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Indian economy was recovering after Omicron but Russia-Ukraine crisis can spoil the party

Some of the typically sluggish indicators such as consumer sentiment, bank credit have seen a pick up. But escalating geopolitical tensions and higher oil prices pose risks.

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Recent data suggests that the economic recovery in India is gaining momentum as the third wave of the Covid-19 pandemic recedes. 

The rollout of Covid vaccines and easing of restrictions have led to an improvement in mobility and a pick up in economic activity. At the same time, people are stepping out and loosening their purse strings. 

As businesses see an uptick in demand, they are stepping up hiring activity. While some high frequency indicators such as GST collections, exports and e-way bills have been showing strong growth for a few months now, recent weeks have seen a pick up in some of the typically sluggish indicators such as consumer sentiments and bank credit.

However, rising crude oil prices amid escalating geopolitical tensions and elevated commodity prices pose risks to economic outlook.

Also read: Oil at $100 threatens world economy inflation shock, Ukraine crisis may fuel inflation

Manufacturing, services activity point to demand revival

The Purchasing Managers’ Index (PMI) for the manufacturing sector was robust at 57.5 in February and 57.7 in January 2022. The strong numbers were on account of strong demand which resulted in manufacturer’s lifting their stock of inventories.

The services sector PMI recorded its sharpest pace of expansion in a year amid improved demand and favourable market conditions.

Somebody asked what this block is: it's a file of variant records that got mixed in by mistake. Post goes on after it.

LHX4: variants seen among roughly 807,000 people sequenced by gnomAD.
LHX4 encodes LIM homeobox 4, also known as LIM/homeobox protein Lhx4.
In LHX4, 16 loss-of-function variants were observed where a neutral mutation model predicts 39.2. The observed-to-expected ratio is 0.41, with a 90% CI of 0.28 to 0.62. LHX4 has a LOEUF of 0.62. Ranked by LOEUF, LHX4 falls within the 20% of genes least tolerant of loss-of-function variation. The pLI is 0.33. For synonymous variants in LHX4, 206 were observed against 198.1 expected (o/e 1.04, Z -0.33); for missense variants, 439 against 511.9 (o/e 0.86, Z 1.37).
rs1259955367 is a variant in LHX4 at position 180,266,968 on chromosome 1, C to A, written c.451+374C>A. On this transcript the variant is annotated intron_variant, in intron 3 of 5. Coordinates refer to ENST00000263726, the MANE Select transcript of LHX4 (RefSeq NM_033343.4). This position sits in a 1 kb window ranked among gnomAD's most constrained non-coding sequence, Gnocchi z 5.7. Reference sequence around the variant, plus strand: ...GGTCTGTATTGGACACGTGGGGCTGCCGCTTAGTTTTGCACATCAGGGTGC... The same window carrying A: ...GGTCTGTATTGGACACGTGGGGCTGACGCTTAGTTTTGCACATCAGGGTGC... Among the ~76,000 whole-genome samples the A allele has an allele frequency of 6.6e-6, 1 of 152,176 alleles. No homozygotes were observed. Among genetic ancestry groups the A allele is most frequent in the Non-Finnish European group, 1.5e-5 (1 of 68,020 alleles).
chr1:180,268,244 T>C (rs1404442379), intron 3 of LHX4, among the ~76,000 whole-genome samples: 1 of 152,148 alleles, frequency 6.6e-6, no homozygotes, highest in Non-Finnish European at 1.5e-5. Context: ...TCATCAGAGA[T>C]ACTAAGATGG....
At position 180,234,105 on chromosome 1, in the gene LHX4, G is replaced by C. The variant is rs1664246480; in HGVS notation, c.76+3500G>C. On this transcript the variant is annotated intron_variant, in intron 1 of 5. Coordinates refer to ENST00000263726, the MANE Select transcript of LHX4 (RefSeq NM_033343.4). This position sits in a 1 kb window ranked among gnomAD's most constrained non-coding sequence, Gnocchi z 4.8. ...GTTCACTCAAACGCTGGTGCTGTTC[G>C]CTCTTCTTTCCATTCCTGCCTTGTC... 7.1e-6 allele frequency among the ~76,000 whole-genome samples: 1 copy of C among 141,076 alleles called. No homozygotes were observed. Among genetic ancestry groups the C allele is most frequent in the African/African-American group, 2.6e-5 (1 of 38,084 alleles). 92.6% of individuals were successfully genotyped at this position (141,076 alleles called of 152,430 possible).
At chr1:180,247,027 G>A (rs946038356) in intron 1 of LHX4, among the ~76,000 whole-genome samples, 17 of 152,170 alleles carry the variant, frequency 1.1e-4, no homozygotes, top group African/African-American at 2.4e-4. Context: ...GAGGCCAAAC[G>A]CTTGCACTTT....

Consumer sentiments report an uptick

With a decline in Covid cases, consumer sentiments have also seen an improvement. Consumer confidence typically lags the uptick seen in other high frequency indicators. But gets a boost when consumers perceive a sustained rise in income and employment prospects.

According to the CMIE data, consumer sentiments have seen significant improvements in February. During each of the three weeks of February, the Index of Consumer Sentiments (ICS) in the range of 62-63, was higher than in any week since the onset of the pandemic and consequent lockdown in March 2020. 

The two components of the ICS — assessment of current economic conditions (reflected in the Index of Current Economic Conditions) and expectations of future conditions (reflected in the Index of Consumer Expectations) have seen an impressive improvement in the three weeks of February.

The results of the Reserve Bank of India (RBI)’s Consumer Confidence Survey for January 2022 also recorded improvement. The results indicate that consumers are relatively more optimistic about the general economic situation. They are also more confident about their income and spending prospects.

The improvement in consumer sentiments is encouraging and in contrast to the first advance estimates of national income for 2021-22, released by the National Statistical Office that suggested that household expenditure and consumption have not recovered to the pre-pandemic level.